One of my boys wanted to play with a Digital Audio Workstation (DAW) called FL Studio, so I bought a license. I figured if he was interested I might as well play with it too, and I was immediately overwhelmed. It’s a software system used by professional music producers.
I didn’t expect a steep learning curve. After all, I began playing with a keyboard synthesizer and MIDI in the 1980s. (Some of the stuff I did is still floating around my old website.) More recently I spent time transcribing and arranging music with MuseScore. But the sound production community has a separate lineage going back to analog media and hardware – think of those huge mixing boards in sound studios – with its own practices and terminology that have carried forward to the latest DAWs.
I persisted. I watched a lot of tutorials on YouTube channel In the Mix. I’ve spent on the order of a hundred hours playing with this thing. And my bewilderment at the depth and breadth of the state of the art of sound production has only grown.
The best way to learn anything is to have a test project. I had just finished watching the second season of White Lotus, which has an amusing opening theme song. So I set out to reproduce and elaborate on that. My first cut did not stray far from its inspiration:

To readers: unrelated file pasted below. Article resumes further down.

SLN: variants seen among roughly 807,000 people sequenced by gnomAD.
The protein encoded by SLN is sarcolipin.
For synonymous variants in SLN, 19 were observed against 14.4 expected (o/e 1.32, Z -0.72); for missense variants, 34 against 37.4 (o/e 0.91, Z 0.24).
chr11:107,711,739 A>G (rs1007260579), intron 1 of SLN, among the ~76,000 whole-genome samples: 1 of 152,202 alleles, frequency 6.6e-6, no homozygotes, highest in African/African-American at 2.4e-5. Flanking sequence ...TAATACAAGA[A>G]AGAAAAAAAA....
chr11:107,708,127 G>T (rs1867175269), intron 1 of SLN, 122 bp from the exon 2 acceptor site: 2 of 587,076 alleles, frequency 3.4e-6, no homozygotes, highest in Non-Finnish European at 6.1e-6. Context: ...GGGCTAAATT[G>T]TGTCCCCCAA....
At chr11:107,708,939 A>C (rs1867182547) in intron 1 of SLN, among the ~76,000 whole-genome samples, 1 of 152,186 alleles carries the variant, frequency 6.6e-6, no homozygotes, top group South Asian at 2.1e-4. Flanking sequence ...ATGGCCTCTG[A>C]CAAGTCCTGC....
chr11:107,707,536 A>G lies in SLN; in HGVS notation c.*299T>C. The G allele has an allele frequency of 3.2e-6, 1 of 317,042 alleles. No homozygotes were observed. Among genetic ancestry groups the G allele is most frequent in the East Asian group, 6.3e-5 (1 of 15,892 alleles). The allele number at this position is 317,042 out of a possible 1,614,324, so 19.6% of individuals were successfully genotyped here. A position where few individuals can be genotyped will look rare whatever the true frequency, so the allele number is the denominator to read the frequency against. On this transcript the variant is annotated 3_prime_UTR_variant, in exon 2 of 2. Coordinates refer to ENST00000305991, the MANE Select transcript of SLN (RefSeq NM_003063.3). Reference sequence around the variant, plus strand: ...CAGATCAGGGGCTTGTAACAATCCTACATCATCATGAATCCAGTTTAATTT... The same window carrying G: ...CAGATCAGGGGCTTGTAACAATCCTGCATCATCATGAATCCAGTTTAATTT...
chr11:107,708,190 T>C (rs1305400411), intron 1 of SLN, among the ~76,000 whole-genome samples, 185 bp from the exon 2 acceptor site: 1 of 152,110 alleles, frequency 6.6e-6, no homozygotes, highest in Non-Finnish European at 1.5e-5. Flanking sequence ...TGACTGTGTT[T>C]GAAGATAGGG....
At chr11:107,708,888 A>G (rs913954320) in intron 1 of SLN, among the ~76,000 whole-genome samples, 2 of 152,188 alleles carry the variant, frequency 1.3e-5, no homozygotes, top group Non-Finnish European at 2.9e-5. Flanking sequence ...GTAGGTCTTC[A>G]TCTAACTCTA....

Over the next few months I put in more hours playing with different ideas and ended up with this:
Here’s a screenshot of the project in FL Studio:
I think the results are OK, but only until I listen to something that has been done by a professional. Leaving aside the fact that I only used FL Studio’s basic synthesizer for the instruments, what I have now is relatively muddy, lacking the crispness and separation of sound that I wanted. I have just scratched the surface of a few of the dozens of standard tools and techniques used by professionals, which I didn’t even know existed until I started this project.